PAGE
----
Easily one of the best novels I've read in years, but that's not much of a surprise. Chimamanda Adichie is a brilliant observer and critic of those trEasily one of the best novels I've read in years, but that's not much of a surprise. Chimamanda Adichie is a brilliant observer and critic of those traits we Americans hold so dear: hypocrisy, awkwardness, and an almost mythological sense of exceptionalism! Adichie explores these and other topics with a lovely mix of wit and pathos.
Some favorite quotes:
"Academics were not intellectuals; they were not curious, they built their stolid tents of specialized knowledge and stayed securely in them."
"...I'm worried I will leave grad school and no longer be able to speak English. I know this woman in grad school, a friend of a friend, and just listening to her talk is scary. The semiotic dialetics of intertextual modernity. Which makes no sense at all. Sometimes I feel that they live in a parallel universe of academia speaking acadamese instead of English and they don't really know what's happening in the real world."
"In America, racism exists but racists are all gone. Racists belong to the past. Racists are the thin-lipped mean white people in the movies about the civil rights era. Here’s the thing: the manifestation of racism has changed but the language has not. So if you haven’t lynched somebody then you can’t be called a racist. If you’re not a bloodsucking monster, then you can’t be called a racist. Somebody has to be able to say that racists are not monsters."
I don't usually have issues with novels that combine and subvert genre conventions, but this one was maybe a bit too loose and undercooked for me. WitI don't usually have issues with novels that combine and subvert genre conventions, but this one was maybe a bit too loose and undercooked for me. With a sci-fi premise (teen's cryogenically frozen head is thawed out five years later and given a new and cancer-free body) I was hoping for more of a sci-fi plot. But after the initial foundation is laid, Noggin is a fairly run-of-the-mill YA romance/coming-of-age novel, complete with broadly painted characters and clunky dialogue.
Questions & thoughts I'm left with [SPOILERS]: - After a 16-year-old who 'died' of cancer is revived five years later to find the love of his life is now engaged to another man, his parents have divorced, and his best friend is denying his homosexuality... Why wouldn't you send this kid to a counselor? Don't you think he could use a sympathetic ear and some guidance? "Na, let's just send him back to his old high school, where everyone thinks he's a freak of nature, and let him deal with the emotions on his own." - There could be some interesting sequels or fanfic written with this book's conceit: books in which thawed heads are connected to bodies of different races, ages, genders, sexualities. I'd read those....more
SIX EARLIER DAYS reads like a nicely crafted piece of EVERY DAY fan fiction, with the wrinkle being that it was written by the author himself. There'sSIX EARLIER DAYS reads like a nicely crafted piece of EVERY DAY fan fiction, with the wrinkle being that it was written by the author himself. There's little artistic reason for this companion book to exist (though perhaps some economic ones), as EVERY DAY stands just fine on its own. I suppose it was nice to spend a little more time with A (40 pages), but I didn't get much additional insight into the character.
If this book accomplished anything, it was convincing me that EVERY DAY lends itself to remarkable creative writing opportunities. I can imagine classroom-based writing prompts coinciding with the reading of the novel, in which students each write a day from A's life. Or, as a large, collaborative, online project, a group of fanfic writers could feasibly tell the entirety of A's life, hopping from one body to another up until the events of EVERY DAY, and then continuing after the book concludes. What potential! I wonder how David Levithan would feel about such a comprehensive project......more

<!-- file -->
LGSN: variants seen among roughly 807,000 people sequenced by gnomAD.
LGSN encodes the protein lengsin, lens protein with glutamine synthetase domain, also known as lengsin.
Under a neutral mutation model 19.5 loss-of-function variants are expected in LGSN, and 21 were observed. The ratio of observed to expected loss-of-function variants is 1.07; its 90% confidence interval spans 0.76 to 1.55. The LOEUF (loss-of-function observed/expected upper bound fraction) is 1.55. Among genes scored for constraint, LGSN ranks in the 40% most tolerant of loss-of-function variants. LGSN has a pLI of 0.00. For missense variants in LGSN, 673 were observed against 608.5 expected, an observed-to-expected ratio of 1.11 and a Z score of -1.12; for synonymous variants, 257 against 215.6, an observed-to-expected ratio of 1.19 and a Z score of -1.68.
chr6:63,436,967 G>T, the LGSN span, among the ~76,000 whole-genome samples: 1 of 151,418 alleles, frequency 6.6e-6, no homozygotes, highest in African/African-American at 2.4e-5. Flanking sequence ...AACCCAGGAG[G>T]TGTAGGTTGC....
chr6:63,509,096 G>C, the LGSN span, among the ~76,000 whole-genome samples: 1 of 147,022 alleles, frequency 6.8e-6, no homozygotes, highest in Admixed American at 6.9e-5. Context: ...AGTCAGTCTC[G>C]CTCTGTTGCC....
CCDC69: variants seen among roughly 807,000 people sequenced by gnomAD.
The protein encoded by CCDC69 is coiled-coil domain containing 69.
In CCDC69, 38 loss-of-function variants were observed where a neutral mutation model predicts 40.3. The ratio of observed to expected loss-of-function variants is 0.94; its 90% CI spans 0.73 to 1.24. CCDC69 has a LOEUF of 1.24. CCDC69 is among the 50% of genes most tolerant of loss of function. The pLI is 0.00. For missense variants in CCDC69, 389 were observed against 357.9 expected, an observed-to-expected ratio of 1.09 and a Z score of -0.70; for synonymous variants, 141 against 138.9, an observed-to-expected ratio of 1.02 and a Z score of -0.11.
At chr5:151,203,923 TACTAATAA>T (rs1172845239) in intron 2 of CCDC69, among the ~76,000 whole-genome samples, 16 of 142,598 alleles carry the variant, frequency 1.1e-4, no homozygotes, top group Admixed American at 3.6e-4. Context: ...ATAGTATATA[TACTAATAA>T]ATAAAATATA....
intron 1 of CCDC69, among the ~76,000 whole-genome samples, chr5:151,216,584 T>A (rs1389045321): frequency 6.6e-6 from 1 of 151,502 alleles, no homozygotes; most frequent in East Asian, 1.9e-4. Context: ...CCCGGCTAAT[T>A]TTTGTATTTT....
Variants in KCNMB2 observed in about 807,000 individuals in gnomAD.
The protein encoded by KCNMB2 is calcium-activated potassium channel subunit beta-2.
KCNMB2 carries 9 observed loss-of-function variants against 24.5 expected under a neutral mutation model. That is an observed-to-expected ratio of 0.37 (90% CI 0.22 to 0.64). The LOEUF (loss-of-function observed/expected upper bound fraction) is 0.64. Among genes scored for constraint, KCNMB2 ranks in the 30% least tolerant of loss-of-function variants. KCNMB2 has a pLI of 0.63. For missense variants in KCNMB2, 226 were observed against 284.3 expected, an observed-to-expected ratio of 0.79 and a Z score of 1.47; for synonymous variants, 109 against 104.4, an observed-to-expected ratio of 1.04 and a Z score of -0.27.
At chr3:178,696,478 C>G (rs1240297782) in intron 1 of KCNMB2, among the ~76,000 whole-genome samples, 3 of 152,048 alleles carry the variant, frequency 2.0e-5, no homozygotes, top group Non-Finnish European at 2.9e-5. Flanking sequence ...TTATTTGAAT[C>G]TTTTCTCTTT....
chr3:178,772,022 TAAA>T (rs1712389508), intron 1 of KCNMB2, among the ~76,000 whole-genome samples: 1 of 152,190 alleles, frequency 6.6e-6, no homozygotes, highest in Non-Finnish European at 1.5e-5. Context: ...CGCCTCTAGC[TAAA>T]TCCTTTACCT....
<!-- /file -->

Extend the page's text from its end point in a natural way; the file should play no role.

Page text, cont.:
Good lord was this a fun read. Fabulous retro art, clever writing, and just a whole lot of joy and whimsy (unlike what one typically encounters in modGood lord was this a fun read. Fabulous retro art, clever writing, and just a whole lot of joy and whimsy (unlike what one typically encounters in modern comics). The cast of characters -- dueling art thieves, a taciturn police inspector, an evil organization, and a group of street urchins -- is finely developed here in the 1st volume. I even enjoyed reading the artist's notes on how she went about the illustration process, which are included at the back of the book. Quite excited for the next volume.
My one complaint about the book is that -- due to its old fashioned sense of high adventure -- I think it'd be great for grade school kids. But there are a few pages that are just a tad too risqué for me to feel comfortable handing the book to other people's children. Perhaps my friends with kids would disagree?
Favorite quotes: "Did you think I would injure myself tripping over your anticlimax?" "If there is not folly in the world then the world itself is folly." "The air is already thick with bullets. Do not overcrowd it with drama as well."...more
The story: Marvel Comics takes a rarely used b-list character from its stable, one dating from the 1970s (when they were trying to cash in on the kungThe story: Marvel Comics takes a rarely used b-list character from its stable, one dating from the 1970s (when they were trying to cash in on the kung fu craze), and hires two fabulous writers and a bevy of great artists to breathe some life back into its property. And these writers and artists do one hell of a job, creating a vast mythology bridging fantasy, ancient Nepalese mysticism, global corporate intrigue, superhero tropes, WWI and the Opium Wars, and the high adventure of H. Rider Haggard. Not too shabby....more